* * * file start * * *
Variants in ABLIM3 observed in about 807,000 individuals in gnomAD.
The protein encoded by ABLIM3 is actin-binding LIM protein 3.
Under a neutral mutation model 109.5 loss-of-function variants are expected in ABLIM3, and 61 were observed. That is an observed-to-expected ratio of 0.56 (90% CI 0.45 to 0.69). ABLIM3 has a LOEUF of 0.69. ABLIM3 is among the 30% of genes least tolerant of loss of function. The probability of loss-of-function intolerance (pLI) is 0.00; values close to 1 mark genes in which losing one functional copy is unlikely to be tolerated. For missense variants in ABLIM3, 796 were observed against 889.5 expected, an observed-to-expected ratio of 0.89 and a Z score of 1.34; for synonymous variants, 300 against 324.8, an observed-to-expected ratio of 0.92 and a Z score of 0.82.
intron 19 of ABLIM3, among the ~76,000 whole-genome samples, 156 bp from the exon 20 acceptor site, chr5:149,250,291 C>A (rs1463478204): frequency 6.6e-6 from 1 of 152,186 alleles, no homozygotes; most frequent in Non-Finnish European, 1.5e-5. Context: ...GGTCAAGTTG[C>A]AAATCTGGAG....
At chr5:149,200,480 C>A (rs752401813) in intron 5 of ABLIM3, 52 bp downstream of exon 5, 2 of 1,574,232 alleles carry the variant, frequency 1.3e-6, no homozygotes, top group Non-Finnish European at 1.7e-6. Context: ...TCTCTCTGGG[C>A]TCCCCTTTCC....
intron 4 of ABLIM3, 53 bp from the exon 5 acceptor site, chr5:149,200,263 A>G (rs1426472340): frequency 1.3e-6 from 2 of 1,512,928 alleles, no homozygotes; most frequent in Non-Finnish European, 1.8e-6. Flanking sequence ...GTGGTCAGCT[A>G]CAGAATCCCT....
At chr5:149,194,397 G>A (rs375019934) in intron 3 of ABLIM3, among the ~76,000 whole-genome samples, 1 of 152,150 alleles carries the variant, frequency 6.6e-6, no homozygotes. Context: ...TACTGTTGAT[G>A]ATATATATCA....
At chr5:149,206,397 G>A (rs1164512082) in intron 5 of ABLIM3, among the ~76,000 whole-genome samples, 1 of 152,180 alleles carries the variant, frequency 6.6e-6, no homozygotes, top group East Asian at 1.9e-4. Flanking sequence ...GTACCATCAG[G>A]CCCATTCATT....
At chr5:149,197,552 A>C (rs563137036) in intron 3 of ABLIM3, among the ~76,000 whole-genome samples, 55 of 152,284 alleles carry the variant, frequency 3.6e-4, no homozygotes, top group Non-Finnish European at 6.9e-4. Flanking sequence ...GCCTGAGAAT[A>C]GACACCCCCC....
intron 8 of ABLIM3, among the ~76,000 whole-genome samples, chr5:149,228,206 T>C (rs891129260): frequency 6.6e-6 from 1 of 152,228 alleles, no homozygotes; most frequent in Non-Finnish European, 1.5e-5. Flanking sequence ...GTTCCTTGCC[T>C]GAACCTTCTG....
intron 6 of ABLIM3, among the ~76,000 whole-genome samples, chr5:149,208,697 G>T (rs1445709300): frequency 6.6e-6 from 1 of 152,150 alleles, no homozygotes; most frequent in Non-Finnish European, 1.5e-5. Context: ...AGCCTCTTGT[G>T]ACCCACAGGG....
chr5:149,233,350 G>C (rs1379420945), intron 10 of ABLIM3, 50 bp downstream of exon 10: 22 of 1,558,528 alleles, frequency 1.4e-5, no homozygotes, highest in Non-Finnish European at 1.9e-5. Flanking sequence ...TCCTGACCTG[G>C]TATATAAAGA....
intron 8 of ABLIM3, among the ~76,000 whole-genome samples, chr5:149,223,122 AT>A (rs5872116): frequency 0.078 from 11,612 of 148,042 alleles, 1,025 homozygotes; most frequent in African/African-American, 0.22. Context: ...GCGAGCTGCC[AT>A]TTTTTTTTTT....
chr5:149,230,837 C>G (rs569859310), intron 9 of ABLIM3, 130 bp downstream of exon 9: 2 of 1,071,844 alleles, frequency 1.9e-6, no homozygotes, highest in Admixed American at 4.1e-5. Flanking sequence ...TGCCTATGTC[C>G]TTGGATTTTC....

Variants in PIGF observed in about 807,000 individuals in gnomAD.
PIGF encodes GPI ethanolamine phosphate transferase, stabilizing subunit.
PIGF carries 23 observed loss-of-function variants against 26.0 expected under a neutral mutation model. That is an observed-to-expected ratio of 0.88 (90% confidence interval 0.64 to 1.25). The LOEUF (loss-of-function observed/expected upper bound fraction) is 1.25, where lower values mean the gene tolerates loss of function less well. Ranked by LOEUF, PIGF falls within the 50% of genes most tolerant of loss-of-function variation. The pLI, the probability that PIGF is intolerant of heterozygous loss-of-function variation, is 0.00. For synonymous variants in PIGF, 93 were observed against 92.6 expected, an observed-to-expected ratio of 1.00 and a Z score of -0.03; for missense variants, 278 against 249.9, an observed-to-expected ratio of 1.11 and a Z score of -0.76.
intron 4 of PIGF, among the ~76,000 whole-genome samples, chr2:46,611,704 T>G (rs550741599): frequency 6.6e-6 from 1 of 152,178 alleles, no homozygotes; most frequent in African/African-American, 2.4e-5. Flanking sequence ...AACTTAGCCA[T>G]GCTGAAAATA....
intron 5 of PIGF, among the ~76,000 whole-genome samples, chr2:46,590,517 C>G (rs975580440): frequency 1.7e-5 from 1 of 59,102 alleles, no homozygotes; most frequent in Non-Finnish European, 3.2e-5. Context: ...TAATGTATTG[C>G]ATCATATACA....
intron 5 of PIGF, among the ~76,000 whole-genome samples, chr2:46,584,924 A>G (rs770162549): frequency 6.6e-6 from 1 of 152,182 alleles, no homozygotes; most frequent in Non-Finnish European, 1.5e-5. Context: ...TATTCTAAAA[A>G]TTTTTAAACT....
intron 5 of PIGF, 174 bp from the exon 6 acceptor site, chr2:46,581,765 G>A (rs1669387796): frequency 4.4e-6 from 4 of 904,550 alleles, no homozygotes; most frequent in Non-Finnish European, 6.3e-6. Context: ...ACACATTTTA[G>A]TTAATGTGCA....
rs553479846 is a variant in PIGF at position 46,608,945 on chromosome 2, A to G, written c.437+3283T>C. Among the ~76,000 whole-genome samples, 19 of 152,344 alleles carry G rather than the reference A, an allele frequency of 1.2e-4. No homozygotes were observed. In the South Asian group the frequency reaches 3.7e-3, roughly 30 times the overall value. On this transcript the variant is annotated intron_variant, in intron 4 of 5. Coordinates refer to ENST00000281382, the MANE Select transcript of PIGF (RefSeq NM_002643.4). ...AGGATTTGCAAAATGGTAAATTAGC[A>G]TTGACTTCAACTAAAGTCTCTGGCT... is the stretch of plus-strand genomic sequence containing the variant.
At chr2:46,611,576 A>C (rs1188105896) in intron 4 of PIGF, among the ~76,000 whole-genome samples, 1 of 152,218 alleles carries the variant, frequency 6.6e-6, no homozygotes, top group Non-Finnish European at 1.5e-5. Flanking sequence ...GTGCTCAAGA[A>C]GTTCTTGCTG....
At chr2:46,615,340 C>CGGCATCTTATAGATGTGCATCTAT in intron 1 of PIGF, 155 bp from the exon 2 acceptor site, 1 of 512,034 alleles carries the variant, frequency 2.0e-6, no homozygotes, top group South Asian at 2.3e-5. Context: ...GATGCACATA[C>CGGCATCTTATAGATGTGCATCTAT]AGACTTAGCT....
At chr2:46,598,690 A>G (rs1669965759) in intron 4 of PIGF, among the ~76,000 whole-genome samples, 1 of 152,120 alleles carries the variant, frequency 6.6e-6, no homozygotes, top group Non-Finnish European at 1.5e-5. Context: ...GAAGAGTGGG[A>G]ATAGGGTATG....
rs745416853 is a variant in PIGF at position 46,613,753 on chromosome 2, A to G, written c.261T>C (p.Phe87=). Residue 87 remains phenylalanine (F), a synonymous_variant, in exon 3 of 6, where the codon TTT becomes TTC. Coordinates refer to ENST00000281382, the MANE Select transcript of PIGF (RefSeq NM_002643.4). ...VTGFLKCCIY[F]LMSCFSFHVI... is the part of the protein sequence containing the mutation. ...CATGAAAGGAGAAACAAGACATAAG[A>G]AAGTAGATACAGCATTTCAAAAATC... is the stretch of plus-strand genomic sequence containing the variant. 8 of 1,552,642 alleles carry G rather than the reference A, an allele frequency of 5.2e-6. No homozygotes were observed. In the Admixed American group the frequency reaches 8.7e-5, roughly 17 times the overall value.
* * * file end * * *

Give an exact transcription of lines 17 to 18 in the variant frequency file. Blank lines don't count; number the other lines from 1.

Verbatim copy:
PIGF carries 23 observed loss-of-function variants against 26.0 expected under a neutral mutation model. That is an observed-to-expected ratio of 0.88 (90% confidence interval 0.64 to 1.25). The LOEUF (loss-of-function observed/expected upper bound fraction) is 1.25, where lower values mean the gene tolerates loss of function less well. Ranked by LOEUF, PIGF falls within the 50% of genes most tolerant of loss-of-function variation. The pLI, the probability that PIGF is intolerant of heterozygous loss-of-function variation, is 0.00. For synonymous variants in PIGF, 93 were observed against 92.6 expected, an observed-to-expected ratio of 1.00 and a Z score of -0.03; for missense variants, 278 against 249.9, an observed-to-expected ratio of 1.11 and a Z score of -0.76.
intron 4 of PIGF, among the ~76,000 whole-genome samples, chr2:46,611,704 T>G (rs550741599): frequency 6.6e-6 from 1 of 152,178 alleles, no homozygotes; most frequent in African/African-American, 2.4e-5. Flanking sequence ...AACTTAGCCA[T>G]GCTGAAAATA....